Prescribe Antiplatelet Therapy for Patients with PAD

June 3, 2007
Amy Selwyn

Internal Medicine World Report, March 2006, Volume 0, Issue 0

NEW YORK?The recognition of peri?pheral arterial disease (PAD) as a risk factor for coronary disease is increasing, as its prevalence rises dramatically with advancing age. Nevertheless, surveys at?test that physicians are still underdiagnosing and undertreating PAD, suggested Wilbert S. Aronow, MD, clinical professor of medicine, New York Medical College, at a meeting of the Metropolitan Area Geriatrics Society.

Dr Aronow presented data from recent studies on PAD and offered some treatment options.

In one study, 20% of 467 men (mean age, 80 years) and 13% of 1144 women (mean age, 81 years) seen in an academic-based geriatrics practice had symptomatic PAD. A chart review of current and past residents of an academic-based nursing home revealed that 32% of 1160 older men and 26% of 2464 older women had PAD.

Diagnosis of PAD requires the measurement of ankle and brachial systolic blood pressures with a Doppler stethoscope and blood pressure cuffs to calculate the ankle-brachial index (ABI). Dr Aronow noted that "an ABI of <0.90 is 95% sensitive and 99% specific for the diagnosis of PAD." Severity of occlusive leg disease correlates with the risk of ischemic events. "The lower the ABI, the higher the prevalence of 3- or 4-vessel coronary disease," he said, adding that 84% of patients with an ABI <0.40 have 3- or 4-vessel disease.

Among the 620 men and 386 women (mean age, 72 years) seen at a general medical clinic, 27% of the men and 17% of the women had symptomatic PAD. Those with PAD had a higher incidence of hypertension (90% vs 76%), diabetes mellitus (45% vs 22%), dyslipidemia (88% vs 60%), concomitant coronary disease (63% vs 25%), or previous stroke (36% vs 11%).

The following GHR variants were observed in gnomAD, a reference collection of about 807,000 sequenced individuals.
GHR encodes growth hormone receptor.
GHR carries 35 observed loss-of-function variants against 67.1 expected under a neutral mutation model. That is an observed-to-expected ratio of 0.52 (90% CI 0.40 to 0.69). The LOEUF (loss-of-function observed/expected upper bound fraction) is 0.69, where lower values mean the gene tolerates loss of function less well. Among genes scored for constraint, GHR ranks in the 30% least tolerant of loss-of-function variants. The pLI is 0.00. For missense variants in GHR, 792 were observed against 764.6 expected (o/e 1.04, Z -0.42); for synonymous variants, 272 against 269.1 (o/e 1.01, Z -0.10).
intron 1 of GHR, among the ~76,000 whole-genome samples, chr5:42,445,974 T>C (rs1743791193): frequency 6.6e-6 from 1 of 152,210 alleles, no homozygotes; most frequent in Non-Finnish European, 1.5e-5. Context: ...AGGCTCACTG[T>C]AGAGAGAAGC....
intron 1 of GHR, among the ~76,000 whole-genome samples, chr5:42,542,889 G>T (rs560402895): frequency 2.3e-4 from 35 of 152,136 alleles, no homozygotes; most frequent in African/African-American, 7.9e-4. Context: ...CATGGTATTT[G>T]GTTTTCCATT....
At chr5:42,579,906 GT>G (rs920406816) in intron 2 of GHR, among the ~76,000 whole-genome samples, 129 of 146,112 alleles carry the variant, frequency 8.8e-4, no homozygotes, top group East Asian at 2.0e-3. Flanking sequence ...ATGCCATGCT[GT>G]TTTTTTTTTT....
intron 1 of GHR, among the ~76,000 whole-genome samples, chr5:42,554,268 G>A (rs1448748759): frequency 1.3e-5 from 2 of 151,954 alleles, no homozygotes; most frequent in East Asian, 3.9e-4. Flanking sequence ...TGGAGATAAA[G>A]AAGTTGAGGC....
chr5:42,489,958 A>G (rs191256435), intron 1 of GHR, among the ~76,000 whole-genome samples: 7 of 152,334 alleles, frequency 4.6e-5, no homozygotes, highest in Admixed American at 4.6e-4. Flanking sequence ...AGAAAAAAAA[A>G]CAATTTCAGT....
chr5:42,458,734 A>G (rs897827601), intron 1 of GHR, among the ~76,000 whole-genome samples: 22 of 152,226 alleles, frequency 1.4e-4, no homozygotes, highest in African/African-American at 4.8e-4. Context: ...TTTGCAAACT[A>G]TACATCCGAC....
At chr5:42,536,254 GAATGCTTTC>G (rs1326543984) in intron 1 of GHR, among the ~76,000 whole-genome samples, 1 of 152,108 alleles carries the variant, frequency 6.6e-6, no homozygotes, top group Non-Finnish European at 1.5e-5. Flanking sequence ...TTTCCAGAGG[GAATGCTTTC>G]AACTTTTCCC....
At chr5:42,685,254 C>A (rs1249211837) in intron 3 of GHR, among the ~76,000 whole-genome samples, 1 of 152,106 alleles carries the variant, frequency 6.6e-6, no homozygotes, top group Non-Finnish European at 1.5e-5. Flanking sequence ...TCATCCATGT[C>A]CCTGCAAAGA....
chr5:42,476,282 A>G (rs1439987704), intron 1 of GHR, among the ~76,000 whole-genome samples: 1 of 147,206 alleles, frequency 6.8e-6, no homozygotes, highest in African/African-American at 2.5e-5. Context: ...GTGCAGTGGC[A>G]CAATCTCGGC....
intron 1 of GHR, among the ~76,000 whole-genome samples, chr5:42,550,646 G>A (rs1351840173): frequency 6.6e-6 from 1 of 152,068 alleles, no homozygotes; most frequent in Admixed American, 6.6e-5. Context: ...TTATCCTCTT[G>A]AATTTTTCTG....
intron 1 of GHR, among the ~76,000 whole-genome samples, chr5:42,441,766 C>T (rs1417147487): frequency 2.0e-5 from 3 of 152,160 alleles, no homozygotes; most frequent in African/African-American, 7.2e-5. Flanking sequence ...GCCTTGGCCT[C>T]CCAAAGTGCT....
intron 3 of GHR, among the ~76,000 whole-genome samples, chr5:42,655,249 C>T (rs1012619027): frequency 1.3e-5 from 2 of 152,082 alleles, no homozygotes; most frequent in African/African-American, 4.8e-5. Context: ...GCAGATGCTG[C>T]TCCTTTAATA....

Many studies have shown the benefits of statin therapy in patients with PAD, regardless of the coexistance of coronary heart disease.

Physicians have been reluctant to use beta-blockers for patients with PAD, in part because of concerns about aggravating intermittent claudication. But a meta-analysis of 11 randomized controlled trials found that beta-blockers had no adverse effects on walking distance or leg symptoms in mild-to-moderate PAD.

It is not only atherosclerosis in other vascular beds that places patients with PAD at risk for ischemic events. Studies have shown that platelet activation in such patients results in vascular endothelial dysfunction and an enhanced prothrombotic state.

Dr Aronow emphasizes that "anti?platelet drugs, such as aspirin or clopidogrel, especially clopidogrel, should be administered to all patients with PAD. Patients with PAD should receive ACE [angiotensin-converting-enzyme] in?hi?bi?tors and also beta-blockers if coronary disease is present."